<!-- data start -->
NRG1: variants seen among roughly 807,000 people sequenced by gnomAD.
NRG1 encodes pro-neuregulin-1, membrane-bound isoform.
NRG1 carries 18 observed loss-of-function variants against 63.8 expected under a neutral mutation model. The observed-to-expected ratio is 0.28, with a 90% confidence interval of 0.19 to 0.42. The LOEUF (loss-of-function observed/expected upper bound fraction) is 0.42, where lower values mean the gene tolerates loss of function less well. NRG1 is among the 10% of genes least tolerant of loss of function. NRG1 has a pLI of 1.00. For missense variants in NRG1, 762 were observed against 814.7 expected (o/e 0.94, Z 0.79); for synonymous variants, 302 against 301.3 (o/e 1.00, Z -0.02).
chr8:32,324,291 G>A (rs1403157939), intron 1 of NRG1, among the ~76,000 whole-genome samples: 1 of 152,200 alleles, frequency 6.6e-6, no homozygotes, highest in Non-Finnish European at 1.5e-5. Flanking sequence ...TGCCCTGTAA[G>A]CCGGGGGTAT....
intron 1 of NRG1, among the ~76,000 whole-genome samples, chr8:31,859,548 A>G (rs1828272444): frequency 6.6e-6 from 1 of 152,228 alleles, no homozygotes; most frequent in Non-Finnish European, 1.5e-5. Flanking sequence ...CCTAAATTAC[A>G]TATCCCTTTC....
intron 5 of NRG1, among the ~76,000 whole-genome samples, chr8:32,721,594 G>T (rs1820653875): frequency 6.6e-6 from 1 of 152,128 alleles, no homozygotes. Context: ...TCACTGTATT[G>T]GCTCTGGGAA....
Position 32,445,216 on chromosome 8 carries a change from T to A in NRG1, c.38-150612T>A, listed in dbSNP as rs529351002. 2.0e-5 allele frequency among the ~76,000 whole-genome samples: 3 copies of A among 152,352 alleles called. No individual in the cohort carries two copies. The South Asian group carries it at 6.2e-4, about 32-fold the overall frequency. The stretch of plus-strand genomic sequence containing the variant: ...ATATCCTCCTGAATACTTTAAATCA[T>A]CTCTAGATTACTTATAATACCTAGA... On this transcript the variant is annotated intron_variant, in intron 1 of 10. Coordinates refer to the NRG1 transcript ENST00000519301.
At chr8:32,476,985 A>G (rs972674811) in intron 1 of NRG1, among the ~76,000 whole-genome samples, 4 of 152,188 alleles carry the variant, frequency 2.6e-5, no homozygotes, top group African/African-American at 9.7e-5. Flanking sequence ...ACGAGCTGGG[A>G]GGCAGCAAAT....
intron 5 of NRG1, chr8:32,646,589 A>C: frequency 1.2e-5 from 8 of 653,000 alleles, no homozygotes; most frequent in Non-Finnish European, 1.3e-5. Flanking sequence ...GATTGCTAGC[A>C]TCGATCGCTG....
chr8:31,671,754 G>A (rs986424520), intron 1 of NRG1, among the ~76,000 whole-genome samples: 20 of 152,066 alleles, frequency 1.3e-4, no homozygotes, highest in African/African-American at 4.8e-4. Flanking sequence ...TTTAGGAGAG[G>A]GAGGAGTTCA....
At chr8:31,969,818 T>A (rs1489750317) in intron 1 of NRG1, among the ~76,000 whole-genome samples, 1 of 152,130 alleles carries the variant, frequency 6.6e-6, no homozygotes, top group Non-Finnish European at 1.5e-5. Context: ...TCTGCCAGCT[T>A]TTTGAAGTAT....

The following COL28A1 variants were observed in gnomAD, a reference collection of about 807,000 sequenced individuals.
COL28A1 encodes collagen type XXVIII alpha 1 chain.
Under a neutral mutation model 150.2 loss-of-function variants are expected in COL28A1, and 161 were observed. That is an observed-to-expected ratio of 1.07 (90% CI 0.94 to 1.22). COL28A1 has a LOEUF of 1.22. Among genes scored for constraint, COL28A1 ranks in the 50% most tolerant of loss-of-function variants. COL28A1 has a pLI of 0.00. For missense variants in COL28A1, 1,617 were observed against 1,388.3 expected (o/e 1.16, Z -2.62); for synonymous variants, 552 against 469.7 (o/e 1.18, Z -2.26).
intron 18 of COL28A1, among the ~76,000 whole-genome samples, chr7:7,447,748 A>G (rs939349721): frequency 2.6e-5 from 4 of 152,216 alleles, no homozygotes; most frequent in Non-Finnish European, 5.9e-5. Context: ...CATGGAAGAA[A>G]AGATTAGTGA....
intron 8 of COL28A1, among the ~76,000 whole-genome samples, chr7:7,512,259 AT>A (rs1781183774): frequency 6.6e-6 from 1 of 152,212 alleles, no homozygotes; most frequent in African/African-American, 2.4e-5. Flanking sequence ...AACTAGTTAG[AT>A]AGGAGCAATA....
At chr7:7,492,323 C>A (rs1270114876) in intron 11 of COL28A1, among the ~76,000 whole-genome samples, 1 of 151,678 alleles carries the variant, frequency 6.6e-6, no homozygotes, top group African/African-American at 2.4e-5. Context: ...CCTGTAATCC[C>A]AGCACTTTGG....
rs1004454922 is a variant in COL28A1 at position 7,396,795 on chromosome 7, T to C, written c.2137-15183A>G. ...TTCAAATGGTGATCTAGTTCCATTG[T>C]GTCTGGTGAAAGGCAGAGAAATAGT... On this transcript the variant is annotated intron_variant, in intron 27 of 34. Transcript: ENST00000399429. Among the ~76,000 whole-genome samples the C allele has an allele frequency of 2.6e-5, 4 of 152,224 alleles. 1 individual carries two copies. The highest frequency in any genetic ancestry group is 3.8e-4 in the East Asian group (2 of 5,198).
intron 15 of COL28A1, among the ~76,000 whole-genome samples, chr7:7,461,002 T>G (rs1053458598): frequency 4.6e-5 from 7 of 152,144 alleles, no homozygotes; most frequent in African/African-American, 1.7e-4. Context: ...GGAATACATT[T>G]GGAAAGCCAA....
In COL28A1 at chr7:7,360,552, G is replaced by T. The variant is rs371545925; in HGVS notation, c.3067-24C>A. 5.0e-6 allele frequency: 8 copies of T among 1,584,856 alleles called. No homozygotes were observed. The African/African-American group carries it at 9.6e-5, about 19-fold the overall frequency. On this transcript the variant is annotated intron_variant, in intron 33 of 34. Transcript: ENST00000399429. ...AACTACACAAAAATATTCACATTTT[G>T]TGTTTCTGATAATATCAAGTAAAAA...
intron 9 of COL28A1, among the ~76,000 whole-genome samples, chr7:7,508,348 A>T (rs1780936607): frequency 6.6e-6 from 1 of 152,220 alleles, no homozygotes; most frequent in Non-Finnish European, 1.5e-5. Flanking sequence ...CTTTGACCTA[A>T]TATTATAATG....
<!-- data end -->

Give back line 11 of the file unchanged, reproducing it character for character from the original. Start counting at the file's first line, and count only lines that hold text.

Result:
At chr8:31,969,818 T>A (rs1489750317) in intron 1 of NRG1, among the ~76,000 whole-genome samples, 1 of 152,130 alleles carries the variant, frequency 6.6e-6, no homozygotes, top group Non-Finnish European at 1.5e-5. Context: ...TCTGCCAGCT[T>A]TTTGAAGTAT....